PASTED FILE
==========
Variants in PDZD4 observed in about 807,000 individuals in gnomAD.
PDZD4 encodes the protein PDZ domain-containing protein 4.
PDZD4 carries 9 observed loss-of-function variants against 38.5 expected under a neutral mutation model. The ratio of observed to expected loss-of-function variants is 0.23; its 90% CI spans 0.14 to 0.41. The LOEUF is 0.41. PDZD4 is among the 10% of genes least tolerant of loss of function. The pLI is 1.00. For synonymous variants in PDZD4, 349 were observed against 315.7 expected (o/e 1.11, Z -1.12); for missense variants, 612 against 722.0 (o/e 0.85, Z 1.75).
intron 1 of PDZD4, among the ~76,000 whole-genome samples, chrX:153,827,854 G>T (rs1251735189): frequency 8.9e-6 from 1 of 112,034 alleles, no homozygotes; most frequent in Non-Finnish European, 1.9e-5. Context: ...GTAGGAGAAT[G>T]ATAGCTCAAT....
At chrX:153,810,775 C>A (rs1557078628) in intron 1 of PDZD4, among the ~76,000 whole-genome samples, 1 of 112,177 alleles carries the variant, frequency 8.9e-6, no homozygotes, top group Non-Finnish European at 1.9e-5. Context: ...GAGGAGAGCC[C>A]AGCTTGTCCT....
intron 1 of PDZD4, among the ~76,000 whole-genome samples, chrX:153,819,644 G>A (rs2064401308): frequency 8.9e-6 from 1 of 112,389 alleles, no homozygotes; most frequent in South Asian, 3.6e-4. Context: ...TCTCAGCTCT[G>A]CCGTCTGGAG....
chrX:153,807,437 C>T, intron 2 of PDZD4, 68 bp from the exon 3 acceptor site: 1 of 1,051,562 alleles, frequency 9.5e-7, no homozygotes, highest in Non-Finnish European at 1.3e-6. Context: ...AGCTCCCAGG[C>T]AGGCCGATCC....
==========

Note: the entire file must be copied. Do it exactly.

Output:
Variants in PDZD4 observed in about 807,000 individuals in gnomAD.
PDZD4 encodes the protein PDZ domain-containing protein 4.
PDZD4 carries 9 observed loss-of-function variants against 38.5 expected under a neutral mutation model. The ratio of observed to expected loss-of-function variants is 0.23; its 90% CI spans 0.14 to 0.41. The LOEUF is 0.41. PDZD4 is among the 10% of genes least tolerant of loss of function. The pLI is 1.00. For synonymous variants in PDZD4, 349 were observed against 315.7 expected (o/e 1.11, Z -1.12); for missense variants, 612 against 722.0 (o/e 0.85, Z 1.75).
intron 1 of PDZD4, among the ~76,000 whole-genome samples, chrX:153,827,854 G>T (rs1251735189): frequency 8.9e-6 from 1 of 112,034 alleles, no homozygotes; most frequent in Non-Finnish European, 1.9e-5. Context: ...GTAGGAGAAT[G>T]ATAGCTCAAT....
At chrX:153,810,775 C>A (rs1557078628) in intron 1 of PDZD4, among the ~76,000 whole-genome samples, 1 of 112,177 alleles carries the variant, frequency 8.9e-6, no homozygotes, top group Non-Finnish European at 1.9e-5. Context: ...GAGGAGAGCC[C>A]AGCTTGTCCT....
intron 1 of PDZD4, among the ~76,000 whole-genome samples, chrX:153,819,644 G>A (rs2064401308): frequency 8.9e-6 from 1 of 112,389 alleles, no homozygotes; most frequent in South Asian, 3.6e-4. Context: ...TCTCAGCTCT[G>A]CCGTCTGGAG....
chrX:153,807,437 C>T, intron 2 of PDZD4, 68 bp from the exon 3 acceptor site: 1 of 1,051,562 alleles, frequency 9.5e-7, no homozygotes, highest in Non-Finnish European at 1.3e-6. Context: ...AGCTCCCAGG[C>T]AGGCCGATCC....